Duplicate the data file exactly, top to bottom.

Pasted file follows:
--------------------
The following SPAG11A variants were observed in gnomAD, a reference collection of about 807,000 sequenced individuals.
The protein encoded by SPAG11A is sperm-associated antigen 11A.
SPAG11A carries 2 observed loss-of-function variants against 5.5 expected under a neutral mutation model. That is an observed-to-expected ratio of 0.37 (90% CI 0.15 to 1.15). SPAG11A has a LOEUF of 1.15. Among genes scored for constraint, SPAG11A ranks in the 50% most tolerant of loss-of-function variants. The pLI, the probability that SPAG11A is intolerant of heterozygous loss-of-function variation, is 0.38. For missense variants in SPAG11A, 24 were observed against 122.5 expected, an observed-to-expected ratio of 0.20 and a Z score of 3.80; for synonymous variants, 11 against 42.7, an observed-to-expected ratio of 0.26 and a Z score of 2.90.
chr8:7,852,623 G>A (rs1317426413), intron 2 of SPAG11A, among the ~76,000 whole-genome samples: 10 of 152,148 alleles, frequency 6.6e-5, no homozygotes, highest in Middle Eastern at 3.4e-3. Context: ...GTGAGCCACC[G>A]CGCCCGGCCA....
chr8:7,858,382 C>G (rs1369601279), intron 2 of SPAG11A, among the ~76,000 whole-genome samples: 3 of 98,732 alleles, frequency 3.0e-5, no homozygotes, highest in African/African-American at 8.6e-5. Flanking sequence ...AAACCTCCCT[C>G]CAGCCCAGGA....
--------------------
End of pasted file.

The following SPAG11A variants were observed in gnomAD, a reference collection of about 807,000 sequenced individuals.
The protein encoded by SPAG11A is sperm-associated antigen 11A.
SPAG11A carries 2 observed loss-of-function variants against 5.5 expected under a neutral mutation model. That is an observed-to-expected ratio of 0.37 (90% CI 0.15 to 1.15). SPAG11A has a LOEUF of 1.15. Among genes scored for constraint, SPAG11A ranks in the 50% most tolerant of loss-of-function variants. The pLI, the probability that SPAG11A is intolerant of heterozygous loss-of-function variation, is 0.38. For missense variants in SPAG11A, 24 were observed against 122.5 expected, an observed-to-expected ratio of 0.20 and a Z score of 3.80; for synonymous variants, 11 against 42.7, an observed-to-expected ratio of 0.26 and a Z score of 2.90.
chr8:7,852,623 G>A (rs1317426413), intron 2 of SPAG11A, among the ~76,000 whole-genome samples: 10 of 152,148 alleles, frequency 6.6e-5, no homozygotes, highest in Middle Eastern at 3.4e-3. Context: ...GTGAGCCACC[G>A]CGCCCGGCCA....
chr8:7,858,382 C>G (rs1369601279), intron 2 of SPAG11A, among the ~76,000 whole-genome samples: 3 of 98,732 alleles, frequency 3.0e-5, no homozygotes, highest in African/African-American at 8.6e-5. Flanking sequence ...AAACCTCCCT[C>G]CAGCCCAGGA....